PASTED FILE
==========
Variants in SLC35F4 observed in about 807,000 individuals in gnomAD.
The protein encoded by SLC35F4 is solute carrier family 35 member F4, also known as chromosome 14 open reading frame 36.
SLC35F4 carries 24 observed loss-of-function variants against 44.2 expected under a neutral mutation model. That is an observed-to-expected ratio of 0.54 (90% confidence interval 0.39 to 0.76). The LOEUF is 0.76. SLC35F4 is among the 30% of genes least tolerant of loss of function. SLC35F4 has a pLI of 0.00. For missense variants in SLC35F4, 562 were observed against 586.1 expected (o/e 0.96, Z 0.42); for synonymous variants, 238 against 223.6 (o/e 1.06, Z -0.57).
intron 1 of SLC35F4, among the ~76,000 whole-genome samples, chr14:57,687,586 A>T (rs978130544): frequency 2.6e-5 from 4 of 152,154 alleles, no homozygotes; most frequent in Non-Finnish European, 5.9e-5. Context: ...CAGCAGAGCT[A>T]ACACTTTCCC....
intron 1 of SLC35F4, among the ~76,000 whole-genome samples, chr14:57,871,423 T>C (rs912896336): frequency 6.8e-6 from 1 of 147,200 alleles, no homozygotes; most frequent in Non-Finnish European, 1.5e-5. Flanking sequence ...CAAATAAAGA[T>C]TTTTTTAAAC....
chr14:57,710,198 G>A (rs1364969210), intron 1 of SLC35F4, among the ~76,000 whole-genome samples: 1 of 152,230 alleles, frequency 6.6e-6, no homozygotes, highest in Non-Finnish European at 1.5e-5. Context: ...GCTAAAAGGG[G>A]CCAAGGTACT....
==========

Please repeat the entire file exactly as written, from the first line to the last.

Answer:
Variants in SLC35F4 observed in about 807,000 individuals in gnomAD.
The protein encoded by SLC35F4 is solute carrier family 35 member F4, also known as chromosome 14 open reading frame 36.
SLC35F4 carries 24 observed loss-of-function variants against 44.2 expected under a neutral mutation model. That is an observed-to-expected ratio of 0.54 (90% confidence interval 0.39 to 0.76). The LOEUF is 0.76. SLC35F4 is among the 30% of genes least tolerant of loss of function. SLC35F4 has a pLI of 0.00. For missense variants in SLC35F4, 562 were observed against 586.1 expected (o/e 0.96, Z 0.42); for synonymous variants, 238 against 223.6 (o/e 1.06, Z -0.57).
intron 1 of SLC35F4, among the ~76,000 whole-genome samples, chr14:57,687,586 A>T (rs978130544): frequency 2.6e-5 from 4 of 152,154 alleles, no homozygotes; most frequent in Non-Finnish European, 5.9e-5. Context: ...CAGCAGAGCT[A>T]ACACTTTCCC....
intron 1 of SLC35F4, among the ~76,000 whole-genome samples, chr14:57,871,423 T>C (rs912896336): frequency 6.8e-6 from 1 of 147,200 alleles, no homozygotes; most frequent in Non-Finnish European, 1.5e-5. Flanking sequence ...CAAATAAAGA[T>C]TTTTTTAAAC....
chr14:57,710,198 G>A (rs1364969210), intron 1 of SLC35F4, among the ~76,000 whole-genome samples: 1 of 152,230 alleles, frequency 6.6e-6, no homozygotes, highest in Non-Finnish European at 1.5e-5. Context: ...GCTAAAAGGG[G>A]CCAAGGTACT....